In August, the “chip war” between the USA and China gained a new chapter: President Joe Biden introduced a so-called “investment ban” limiting US investment in high technology in China. The White House head explained this move, “last but not least” in the exchange of blows between Washington and Beijing, as “national security considerations rather than economic ones.” At that time, the USA banned the installation and use of the Chinese social network TikTok on government devices. Additionally, Huawei, ZTE, and other major Chinese telecom companies were excluded from 5G network infrastructure in the West.

Control of rare earth elements

In response to restrictions on exports of chip-making equipment to China and Biden’s “investment ban,” Beijing announced it would “control and limit the export of rare earth metals” that are needed to produce semiconductors in markets around the world. China is the largest producer of gallium with a share of 94%, while for germanium and its derivatives it is 67%. These rare materials are not only needed to create semiconductors, but are also used in the production of solar panels, optical fibers, and infrared technologies. In other words, the Chinese ban threatens to jeopardize the implementation of the energy transition in the West.

Money has no smell

Of course, the technology war between Washington and Beijing has taken some “strange” turns, when money and profits weighed more than presumed national security. In May 2023, for “serious risks” to cybersecurity reasons, China banned semiconductors from US Micron company that, among other things, produces memory chips. Less than a month later, Micron put the Chinese “insult” on the back burner and pledged to invest 4.3 billion yuan ($603 million) over the next few years in its plant in Xi’an, in central China. The reason being is that the Chinese market accounts for about 25% of turnover for Micron, which will build a new DRAM, NAND, and SSD production line in Xi’an aimed specifically at meeting China’s growing demand.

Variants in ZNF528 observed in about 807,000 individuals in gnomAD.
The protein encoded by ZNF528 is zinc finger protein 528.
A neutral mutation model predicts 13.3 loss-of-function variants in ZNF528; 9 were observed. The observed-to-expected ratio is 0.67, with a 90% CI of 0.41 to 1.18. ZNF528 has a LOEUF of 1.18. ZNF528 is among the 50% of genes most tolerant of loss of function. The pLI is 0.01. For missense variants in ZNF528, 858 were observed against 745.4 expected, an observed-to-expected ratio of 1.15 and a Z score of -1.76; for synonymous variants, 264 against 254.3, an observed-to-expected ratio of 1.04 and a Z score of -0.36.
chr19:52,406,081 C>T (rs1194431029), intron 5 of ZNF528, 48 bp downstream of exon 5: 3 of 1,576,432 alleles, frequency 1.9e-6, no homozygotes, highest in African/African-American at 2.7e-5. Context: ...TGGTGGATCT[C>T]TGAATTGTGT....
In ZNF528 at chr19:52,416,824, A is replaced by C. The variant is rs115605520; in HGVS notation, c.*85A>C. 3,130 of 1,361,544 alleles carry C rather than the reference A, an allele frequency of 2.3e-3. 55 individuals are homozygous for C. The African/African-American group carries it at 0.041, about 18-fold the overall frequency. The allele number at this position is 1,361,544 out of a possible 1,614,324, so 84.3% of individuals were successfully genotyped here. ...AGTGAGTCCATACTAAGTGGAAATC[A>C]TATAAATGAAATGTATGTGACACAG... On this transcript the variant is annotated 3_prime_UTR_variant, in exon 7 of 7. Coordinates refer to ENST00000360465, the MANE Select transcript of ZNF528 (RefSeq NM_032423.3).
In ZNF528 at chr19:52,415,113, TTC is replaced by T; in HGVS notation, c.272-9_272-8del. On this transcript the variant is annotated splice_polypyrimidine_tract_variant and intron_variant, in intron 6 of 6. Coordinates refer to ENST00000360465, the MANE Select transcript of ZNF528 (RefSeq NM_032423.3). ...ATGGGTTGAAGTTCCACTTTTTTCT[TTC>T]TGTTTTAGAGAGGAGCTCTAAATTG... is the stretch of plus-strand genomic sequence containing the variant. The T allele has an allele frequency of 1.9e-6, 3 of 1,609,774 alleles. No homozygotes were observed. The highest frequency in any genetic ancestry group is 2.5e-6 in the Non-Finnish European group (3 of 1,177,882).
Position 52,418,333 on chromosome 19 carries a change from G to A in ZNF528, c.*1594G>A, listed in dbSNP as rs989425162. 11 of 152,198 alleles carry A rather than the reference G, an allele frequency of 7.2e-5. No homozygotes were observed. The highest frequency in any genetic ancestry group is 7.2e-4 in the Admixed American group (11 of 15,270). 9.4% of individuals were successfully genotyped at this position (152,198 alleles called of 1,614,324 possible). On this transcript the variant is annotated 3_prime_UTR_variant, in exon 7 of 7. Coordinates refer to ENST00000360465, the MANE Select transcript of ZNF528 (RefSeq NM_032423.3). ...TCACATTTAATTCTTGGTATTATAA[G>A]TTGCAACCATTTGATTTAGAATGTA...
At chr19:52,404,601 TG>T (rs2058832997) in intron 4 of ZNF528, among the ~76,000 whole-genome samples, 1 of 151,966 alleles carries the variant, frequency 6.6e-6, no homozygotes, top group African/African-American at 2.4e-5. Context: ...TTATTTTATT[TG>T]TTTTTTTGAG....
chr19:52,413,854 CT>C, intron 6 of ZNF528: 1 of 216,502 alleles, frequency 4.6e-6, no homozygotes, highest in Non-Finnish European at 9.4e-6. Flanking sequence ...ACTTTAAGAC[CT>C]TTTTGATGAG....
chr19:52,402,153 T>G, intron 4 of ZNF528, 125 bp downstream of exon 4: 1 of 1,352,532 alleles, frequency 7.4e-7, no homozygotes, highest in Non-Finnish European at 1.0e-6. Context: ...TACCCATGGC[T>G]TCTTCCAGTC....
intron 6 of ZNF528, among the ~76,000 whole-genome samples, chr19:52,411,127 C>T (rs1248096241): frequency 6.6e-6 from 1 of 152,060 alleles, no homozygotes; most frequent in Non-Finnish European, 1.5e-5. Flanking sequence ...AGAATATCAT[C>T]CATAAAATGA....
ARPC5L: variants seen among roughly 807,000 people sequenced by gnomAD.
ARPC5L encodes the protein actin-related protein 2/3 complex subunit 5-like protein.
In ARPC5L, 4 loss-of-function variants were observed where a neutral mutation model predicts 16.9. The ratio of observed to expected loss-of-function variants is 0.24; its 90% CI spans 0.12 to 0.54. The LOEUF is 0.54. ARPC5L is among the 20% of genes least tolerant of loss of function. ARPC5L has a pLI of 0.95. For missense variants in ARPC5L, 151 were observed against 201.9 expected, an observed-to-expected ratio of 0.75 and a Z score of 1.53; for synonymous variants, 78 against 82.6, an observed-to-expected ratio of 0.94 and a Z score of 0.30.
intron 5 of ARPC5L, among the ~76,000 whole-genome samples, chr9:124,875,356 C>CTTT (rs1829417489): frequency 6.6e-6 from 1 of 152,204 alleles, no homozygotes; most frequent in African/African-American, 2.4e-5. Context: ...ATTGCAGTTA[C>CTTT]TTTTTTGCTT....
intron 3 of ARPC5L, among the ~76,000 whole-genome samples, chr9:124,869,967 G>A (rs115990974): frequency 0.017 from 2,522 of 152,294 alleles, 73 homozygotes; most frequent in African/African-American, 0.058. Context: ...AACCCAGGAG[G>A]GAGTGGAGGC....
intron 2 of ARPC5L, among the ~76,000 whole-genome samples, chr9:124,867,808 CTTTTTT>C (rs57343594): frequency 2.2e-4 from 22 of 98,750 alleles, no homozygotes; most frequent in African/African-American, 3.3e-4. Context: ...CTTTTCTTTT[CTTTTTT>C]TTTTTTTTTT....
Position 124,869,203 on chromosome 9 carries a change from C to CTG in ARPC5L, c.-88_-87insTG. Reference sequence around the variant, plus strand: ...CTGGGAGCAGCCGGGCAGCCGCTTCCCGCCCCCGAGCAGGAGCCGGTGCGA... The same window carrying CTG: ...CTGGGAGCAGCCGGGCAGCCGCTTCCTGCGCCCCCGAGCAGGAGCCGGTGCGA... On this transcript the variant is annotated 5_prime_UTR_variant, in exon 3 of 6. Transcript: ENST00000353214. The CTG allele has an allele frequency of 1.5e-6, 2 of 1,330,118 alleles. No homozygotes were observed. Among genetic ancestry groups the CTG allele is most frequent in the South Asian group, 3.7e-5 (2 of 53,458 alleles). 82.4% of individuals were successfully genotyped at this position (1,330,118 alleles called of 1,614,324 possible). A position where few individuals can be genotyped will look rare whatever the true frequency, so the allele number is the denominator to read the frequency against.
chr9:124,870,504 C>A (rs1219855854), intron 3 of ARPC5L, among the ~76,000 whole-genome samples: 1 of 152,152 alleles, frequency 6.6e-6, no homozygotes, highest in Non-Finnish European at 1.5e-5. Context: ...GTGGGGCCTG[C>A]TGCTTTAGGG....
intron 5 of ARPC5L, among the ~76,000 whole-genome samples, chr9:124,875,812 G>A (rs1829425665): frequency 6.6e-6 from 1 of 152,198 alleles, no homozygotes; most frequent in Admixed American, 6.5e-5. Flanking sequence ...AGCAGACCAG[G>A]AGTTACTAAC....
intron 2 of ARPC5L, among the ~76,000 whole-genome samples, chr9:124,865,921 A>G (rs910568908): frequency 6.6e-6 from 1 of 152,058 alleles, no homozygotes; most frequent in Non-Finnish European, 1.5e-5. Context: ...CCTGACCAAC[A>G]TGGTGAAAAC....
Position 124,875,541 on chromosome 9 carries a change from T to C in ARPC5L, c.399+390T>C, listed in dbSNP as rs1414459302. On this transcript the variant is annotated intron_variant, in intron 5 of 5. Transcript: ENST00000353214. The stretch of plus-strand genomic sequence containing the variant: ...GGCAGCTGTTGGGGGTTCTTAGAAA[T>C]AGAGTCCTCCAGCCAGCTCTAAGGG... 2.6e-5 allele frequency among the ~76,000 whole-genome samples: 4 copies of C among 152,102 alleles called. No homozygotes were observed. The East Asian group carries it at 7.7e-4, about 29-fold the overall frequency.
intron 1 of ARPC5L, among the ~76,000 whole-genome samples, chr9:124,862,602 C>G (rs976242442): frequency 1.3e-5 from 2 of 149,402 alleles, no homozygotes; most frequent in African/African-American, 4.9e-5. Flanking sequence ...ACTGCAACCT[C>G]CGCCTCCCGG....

Huawei’s technological advent

In September, tensions between the USA and China escalated again after the presentation of the new Mate 60 Pro smartphone from Huawei Technologies Co. The new Chinese gadget is based on a “very advanced” CPU developed by the Chinese company Semiconductor Manufacturing International (SMIC), which, according to international media, “is not far behind the latest Western chips.” White House national security adviser Jake Sullivan stated that “Washington would like to conduct a technical analysis of the new Chinese chip as soon as possible,” while suggesting that Joe Biden administration strengthen the policy of “a small yard surrounded by a very high fence.”

Huawei and SMIC have long been on US blacklists that prevent them from accessing advanced technologies and state-of-the-art chip manufacturing equipment. It is no coincidence that the presentation of the Mate 60 Pro took place on the same day that US Secretary of Commerce Gina Raimondo was on an official visit to Beijing.

According to international experts, the Kirin 9000 processor, manufactured using 7 nm technology, is a clear indication that China has achieved a lot towards independence in the semiconductor sector. Some experts even suggested that the new Huawei smartphone could seriously compete with the new iPhone model in China. According to Edison Lee, chief telecom analyst at Jefferies financial services company, “the Mate 60 Pro smartphone threatens to reduce iPhone 15 sales by as much as 38%.”

“It is becoming increasingly clear that industrialized countries view the semiconductor industry as being of strategic importance,” said Ajit Manocha, President and CEO of SEMI, International Semiconductor Industry Association. “Given the current geopolitical tensions, all countries are trying to stabilize and strengthen their positions in this sector. It doesn’t surprise me at all that China has been working hard in this direction for a long time.”

Giornalisti e Redattori di Pluralia

Editorial board